As we reported back in July, Intel is coming out with a range of quad-core and six-core parts for Xeon E. Those labeled with ‘G’ at the end of the name will have integrated graphics. Sitting at the top is the Xeon E-2186G, a six core processor with a TDP of 95W, a base frequency of 3.8 GHz, and a turbo frequency of 4.7 GHz. In the past, the top processor was often called the ‘E3-1285’, so the naming scheme follows.

Intel Xeon E-2100 Series Processors (LGA 1151/C246)
    Cores   Base Freq.    Turbo  
L3 Cache   TDP    Price  
Xeon E-2186G 6/12 3.8 GHz 4.7 GHz 12 MB 95 W $450
Xeon E-2176G 6/12 3.7 GHz 4.7 GHz 12 MB 80 W $362
Xeon E-2174G 4/8 3.8 GHz 4.7 GHz 8 MB 71 W $328
Xeon E-2146G 6/12 3.5 GHz 4.5 GHz 12 MB 80 W $311
Xeon E-2144G 4/8 3.6 GHz 4.5 GHz 8 MB 71 W $272
Xeon E-2136 6/12 3.3 GHz 4.5 GHz 12 MB 80 W $284
Xeon E-2134 4/8 3.5 GHz 4.5 GHz 8 MB 71 W $250
Xeon E-2126G 6/6 3.3 GHz 4.5 GHz 12 MB 80 W $255
Xeon E-2124G 4/4 3.4 GHz 4.5 GHz 8 MB 71 W $213
Xeon E-2124 4/4 3.3 GHz 4.3 GHz 8 MB 71 W $193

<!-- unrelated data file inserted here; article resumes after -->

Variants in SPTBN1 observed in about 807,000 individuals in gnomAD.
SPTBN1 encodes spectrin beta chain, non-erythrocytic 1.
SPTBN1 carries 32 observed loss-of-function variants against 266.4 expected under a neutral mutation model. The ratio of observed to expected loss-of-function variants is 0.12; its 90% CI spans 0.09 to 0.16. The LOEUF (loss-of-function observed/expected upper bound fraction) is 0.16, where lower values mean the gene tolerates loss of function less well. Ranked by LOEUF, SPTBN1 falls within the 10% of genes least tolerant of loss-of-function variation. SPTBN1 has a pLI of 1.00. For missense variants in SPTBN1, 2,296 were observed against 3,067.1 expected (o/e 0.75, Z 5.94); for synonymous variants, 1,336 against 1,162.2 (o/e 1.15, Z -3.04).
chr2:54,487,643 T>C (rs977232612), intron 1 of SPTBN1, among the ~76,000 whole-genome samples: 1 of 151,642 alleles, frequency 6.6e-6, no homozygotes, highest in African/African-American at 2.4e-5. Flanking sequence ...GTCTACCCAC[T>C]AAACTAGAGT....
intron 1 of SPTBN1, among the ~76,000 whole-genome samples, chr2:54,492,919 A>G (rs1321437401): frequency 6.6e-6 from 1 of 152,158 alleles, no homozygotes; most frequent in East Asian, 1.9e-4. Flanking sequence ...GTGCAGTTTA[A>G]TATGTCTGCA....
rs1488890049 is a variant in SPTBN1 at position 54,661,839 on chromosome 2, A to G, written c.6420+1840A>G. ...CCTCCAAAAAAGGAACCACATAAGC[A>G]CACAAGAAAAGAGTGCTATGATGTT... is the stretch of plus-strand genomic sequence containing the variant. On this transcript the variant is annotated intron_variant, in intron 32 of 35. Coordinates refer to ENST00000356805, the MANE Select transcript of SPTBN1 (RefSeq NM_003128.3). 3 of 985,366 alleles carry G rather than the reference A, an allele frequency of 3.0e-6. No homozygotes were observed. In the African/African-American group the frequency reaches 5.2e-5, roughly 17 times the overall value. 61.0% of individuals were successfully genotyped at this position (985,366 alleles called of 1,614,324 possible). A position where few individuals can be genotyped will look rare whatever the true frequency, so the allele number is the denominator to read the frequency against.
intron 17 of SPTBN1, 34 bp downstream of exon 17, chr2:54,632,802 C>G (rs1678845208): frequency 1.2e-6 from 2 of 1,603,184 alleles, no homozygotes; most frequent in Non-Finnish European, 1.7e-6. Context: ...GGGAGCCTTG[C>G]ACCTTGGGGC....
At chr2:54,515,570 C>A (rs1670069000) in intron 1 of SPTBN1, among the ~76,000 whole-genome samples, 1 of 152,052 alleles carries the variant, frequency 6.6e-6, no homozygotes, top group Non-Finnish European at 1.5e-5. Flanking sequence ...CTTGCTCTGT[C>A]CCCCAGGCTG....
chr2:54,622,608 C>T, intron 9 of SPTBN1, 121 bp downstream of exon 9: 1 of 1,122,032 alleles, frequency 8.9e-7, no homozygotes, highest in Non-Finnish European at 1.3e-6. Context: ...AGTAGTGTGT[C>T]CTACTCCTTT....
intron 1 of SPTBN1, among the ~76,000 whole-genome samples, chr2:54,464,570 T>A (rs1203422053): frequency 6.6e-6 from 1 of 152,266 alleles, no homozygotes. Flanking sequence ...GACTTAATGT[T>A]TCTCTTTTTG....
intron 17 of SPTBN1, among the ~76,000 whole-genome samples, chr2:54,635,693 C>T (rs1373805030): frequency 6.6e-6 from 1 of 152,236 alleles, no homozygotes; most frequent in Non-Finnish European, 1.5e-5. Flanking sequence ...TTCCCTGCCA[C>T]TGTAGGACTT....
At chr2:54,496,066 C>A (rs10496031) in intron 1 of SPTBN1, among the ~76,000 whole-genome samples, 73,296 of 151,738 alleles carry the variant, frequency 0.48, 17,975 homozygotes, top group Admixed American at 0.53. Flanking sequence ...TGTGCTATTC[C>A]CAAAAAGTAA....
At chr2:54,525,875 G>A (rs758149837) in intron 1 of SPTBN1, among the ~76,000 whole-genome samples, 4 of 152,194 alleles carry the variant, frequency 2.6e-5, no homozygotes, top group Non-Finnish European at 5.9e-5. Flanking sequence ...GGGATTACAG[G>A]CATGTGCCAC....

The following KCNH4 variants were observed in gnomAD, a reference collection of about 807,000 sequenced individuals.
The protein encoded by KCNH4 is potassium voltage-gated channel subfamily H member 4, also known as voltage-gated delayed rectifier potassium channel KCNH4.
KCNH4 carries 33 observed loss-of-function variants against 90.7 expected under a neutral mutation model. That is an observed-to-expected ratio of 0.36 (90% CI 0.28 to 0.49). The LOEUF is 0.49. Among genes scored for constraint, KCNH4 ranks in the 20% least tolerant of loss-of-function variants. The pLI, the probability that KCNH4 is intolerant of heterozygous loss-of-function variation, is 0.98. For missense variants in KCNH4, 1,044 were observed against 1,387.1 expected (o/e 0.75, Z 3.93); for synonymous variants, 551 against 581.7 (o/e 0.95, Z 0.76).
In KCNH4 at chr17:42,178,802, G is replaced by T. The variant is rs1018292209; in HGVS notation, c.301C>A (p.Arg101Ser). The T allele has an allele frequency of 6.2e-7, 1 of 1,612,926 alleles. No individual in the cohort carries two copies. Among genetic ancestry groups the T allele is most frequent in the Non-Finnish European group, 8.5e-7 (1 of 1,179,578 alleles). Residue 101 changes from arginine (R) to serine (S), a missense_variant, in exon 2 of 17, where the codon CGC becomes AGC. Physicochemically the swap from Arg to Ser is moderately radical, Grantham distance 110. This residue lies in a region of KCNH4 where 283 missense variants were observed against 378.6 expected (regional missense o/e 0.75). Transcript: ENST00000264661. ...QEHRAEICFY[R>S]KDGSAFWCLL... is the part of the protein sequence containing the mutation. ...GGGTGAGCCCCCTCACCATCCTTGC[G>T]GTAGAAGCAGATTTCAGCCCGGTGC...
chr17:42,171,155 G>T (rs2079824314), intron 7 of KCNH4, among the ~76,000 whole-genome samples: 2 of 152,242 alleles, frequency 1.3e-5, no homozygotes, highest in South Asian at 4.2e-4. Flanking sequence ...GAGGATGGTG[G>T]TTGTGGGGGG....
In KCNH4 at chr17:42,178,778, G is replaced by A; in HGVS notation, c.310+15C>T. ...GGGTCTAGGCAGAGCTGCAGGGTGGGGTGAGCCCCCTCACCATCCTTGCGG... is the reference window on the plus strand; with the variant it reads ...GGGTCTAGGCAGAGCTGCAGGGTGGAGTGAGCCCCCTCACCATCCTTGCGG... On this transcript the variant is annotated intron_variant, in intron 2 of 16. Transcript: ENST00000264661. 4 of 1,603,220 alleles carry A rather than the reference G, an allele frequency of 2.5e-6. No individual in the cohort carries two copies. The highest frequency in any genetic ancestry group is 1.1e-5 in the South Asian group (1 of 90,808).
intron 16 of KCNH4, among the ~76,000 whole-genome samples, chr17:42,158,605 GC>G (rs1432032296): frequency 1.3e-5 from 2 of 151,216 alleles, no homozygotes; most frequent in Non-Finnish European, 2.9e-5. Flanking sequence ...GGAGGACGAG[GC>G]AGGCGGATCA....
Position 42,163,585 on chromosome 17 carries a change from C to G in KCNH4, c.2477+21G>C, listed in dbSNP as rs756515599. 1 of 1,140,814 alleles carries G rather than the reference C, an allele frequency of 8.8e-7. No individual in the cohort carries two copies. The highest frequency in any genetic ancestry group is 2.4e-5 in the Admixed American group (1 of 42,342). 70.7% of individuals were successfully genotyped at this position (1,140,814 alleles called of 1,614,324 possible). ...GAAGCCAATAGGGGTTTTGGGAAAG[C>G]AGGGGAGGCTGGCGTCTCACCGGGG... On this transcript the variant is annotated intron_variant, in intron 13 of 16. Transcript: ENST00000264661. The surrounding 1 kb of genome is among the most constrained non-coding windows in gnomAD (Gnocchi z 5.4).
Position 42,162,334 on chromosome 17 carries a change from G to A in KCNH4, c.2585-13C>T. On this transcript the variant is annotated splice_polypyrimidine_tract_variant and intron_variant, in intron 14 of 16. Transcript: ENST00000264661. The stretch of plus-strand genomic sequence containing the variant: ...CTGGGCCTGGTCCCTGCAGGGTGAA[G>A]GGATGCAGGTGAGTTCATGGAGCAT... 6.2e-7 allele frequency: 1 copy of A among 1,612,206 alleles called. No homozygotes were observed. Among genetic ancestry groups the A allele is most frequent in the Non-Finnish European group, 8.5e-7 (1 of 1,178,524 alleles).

For a summary of the results, move onto the conclusion but for a deeper look into the X11SCA-W motherboard, we detail the following over the next few pages:

  1. Overview [this page]
  2. Visual Inspection: Analysis of the Board Components
  3. BIOS and Software: Focusing on the firmware and non-hardware side
  4. Board Features and Test Bed: The full specifications list, and how we test
  5. System Performance: Component testing such as power, boot times and DPC Latency
  6. CPU Performance
  7. Gaming Performance
  8. Conclusion
Visual Inspection


View All Comments

  • Yongzhi - Monday, November 19, 2018 - link

    Wait! Spy chip from China? Can you give me more details about it? Reply
  • mode_13h - Tuesday, November 20, 2018 - link

    He's referring to this:
  • Yongzhi - Sunday, December 2, 2018 - link

    thx Reply
  • npz - Tuesday, November 20, 2018 - link